Louise Yamada is the Queen of Technical Analysis on Wall Street. She had some thoughts this week on the overall market and gold. We put more stock into her thoughts on gold as gold cannot really be analyzed based on its fundamentals. It has none. Gold is usually traded based on its technical’s. Here is what she had to say on CNBC.

Judging by the market’s short-term trading pattern alone, famous technical analyst Louise Yamada says that the S&P 500 is on its way up to 2,000. Meanwhile, she sees the Dow Jones Industrial Average heading to 17,200.

With the breakouts that are in place for these indices, I think you could move a little higher, Yamada said on Tuesday’s “Futures Now. You may not see something more contractual until into the fall.

In the three-month chart of the S&P, Yamada observes a “continuation” pattern that indicated the S&P’s upward momentum will continue.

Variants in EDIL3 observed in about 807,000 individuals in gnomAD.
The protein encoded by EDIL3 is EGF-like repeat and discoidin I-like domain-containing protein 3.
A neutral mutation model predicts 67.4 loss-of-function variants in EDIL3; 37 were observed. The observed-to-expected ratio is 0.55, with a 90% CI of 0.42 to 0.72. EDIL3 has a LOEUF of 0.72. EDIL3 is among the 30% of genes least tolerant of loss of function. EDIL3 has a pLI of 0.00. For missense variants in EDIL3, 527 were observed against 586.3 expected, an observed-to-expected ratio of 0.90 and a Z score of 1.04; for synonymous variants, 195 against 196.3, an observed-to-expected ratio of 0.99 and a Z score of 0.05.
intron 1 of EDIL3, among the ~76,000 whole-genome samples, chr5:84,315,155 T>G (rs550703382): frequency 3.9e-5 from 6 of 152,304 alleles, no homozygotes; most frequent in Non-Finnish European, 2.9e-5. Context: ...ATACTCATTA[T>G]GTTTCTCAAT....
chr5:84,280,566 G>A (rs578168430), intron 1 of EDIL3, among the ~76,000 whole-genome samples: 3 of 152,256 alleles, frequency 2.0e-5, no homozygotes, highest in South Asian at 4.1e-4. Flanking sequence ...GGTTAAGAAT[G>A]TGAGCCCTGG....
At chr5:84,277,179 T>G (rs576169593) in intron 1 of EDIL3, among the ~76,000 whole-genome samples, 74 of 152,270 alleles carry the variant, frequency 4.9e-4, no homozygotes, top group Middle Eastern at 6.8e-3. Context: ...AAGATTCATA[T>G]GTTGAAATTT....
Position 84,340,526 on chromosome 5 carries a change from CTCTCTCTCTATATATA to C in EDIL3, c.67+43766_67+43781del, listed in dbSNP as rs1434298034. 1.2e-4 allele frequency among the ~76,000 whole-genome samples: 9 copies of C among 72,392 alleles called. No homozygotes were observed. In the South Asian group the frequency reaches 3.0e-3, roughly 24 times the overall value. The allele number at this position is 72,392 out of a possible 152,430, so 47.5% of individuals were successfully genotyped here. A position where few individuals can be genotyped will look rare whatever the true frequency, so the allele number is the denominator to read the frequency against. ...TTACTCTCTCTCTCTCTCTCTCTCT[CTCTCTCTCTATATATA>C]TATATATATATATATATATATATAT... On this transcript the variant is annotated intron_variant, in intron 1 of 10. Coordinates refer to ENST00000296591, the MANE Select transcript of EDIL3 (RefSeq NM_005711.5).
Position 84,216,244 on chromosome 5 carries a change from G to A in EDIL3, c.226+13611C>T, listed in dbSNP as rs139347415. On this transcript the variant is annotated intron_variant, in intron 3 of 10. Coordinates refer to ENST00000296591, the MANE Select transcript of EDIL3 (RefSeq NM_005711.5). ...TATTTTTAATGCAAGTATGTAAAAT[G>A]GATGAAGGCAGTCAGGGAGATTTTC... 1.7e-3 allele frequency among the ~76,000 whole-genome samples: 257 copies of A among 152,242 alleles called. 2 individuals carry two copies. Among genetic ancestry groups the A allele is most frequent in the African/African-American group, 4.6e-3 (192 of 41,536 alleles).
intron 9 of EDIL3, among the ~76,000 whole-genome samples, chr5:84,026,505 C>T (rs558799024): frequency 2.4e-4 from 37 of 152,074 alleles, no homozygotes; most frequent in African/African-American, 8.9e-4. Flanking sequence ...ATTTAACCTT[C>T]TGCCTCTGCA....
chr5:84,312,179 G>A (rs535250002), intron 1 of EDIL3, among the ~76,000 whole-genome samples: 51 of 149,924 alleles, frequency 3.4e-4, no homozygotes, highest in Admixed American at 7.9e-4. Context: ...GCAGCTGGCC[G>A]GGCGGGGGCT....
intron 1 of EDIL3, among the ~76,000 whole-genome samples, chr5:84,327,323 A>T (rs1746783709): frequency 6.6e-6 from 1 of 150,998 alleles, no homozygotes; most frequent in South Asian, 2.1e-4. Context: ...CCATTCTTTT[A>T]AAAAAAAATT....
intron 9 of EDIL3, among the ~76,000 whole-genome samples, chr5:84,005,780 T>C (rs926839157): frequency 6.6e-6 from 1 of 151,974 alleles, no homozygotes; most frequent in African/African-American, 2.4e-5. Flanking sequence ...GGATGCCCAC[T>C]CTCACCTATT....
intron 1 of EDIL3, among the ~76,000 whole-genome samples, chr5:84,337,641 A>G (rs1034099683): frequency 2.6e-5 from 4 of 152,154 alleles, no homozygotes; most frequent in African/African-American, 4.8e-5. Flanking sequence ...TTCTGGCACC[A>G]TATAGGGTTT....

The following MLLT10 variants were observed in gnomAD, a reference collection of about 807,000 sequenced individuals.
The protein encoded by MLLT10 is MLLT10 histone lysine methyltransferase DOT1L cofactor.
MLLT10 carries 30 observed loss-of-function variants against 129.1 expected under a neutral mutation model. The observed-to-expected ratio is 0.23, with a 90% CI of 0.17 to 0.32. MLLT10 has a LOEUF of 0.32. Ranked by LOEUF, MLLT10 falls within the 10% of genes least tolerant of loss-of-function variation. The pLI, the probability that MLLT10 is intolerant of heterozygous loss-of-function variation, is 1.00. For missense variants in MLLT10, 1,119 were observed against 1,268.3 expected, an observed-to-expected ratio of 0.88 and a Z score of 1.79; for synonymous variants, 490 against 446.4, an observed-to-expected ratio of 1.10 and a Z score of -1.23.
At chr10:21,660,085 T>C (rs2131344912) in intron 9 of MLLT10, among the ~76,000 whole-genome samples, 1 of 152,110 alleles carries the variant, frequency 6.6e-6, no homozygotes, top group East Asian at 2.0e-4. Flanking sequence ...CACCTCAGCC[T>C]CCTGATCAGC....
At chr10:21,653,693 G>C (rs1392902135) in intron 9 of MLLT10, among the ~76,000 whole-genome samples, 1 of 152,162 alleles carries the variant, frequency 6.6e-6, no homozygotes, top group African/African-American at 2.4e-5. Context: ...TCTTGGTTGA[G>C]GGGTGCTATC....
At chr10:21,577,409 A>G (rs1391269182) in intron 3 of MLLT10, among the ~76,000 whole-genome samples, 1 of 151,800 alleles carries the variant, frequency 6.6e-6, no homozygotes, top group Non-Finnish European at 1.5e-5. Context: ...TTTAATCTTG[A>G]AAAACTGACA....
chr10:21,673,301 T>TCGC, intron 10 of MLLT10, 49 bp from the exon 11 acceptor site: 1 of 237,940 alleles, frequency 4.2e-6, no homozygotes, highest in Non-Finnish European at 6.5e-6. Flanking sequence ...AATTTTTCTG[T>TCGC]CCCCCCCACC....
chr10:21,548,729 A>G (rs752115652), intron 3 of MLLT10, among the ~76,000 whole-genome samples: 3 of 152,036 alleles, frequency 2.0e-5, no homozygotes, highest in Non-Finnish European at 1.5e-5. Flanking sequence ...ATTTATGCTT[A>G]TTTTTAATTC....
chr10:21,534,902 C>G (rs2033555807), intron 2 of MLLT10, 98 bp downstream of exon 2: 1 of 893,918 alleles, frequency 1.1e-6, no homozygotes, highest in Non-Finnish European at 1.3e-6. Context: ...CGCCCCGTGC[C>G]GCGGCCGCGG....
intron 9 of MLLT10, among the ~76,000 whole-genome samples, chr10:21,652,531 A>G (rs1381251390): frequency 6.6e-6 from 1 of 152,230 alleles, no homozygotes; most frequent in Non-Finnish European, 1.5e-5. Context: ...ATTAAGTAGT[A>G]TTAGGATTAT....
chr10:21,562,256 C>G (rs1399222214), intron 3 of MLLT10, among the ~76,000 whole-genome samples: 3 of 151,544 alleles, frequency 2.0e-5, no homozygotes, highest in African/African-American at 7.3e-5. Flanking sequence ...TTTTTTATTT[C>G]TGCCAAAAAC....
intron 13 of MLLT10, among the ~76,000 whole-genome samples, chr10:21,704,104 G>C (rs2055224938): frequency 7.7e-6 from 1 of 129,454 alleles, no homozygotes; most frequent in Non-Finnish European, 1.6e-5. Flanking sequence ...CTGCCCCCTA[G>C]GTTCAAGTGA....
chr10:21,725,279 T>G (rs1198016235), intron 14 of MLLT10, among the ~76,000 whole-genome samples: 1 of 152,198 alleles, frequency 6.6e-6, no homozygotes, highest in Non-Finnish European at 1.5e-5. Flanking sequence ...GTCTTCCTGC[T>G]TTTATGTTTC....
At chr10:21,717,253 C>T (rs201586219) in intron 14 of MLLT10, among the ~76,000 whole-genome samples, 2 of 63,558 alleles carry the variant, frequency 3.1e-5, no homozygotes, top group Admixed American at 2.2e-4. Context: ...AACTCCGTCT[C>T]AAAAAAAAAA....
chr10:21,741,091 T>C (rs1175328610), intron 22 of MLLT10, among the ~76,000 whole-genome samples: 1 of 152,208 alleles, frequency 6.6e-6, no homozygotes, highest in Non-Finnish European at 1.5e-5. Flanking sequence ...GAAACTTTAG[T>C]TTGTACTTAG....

The one concern on Yamada’s horizon is the underperformance of the Nasdaq Composite and the Russell 2000.

There’s a little bit of a glitch in the sense that you have a dichotomy in the market. The Russell 2000 and the Nasdaq look a little bit more precarious…When you start to see part of the markets separate from the leaders that generally means that under the surface you’re seeing some deterioration. But that’s not to say that you can’t get some improvement here.  CNBC 6/3/14

Gold’s outlook is not nearly as bright according to Yamada.

Unfortunately, at this time, All the momentum indicators — daily, weekly and monthly, which is the most structural — are looking very negative.

What makes this so troubling is that gold is getting close to a critical level.

Eyeing gold’s trading range between about $1,400 and $1,200, Yamada says that if $1,200 can’t hold, we might flip even to $1,100, and that would actually break the 2005 trend for gold.

Treasuries and Gold continue to be our risk temperature gauge. Watch the yield on the 10 Year US Treasury and keep an eye on gold. We could be in for an equity melt up here as investors are caught with too much cash. While the FOMC continues to play the music investors are forced to dance.

To learn more about us and Blackthorn Asset Management LLC visit our website at www.BlackthornAsset.com .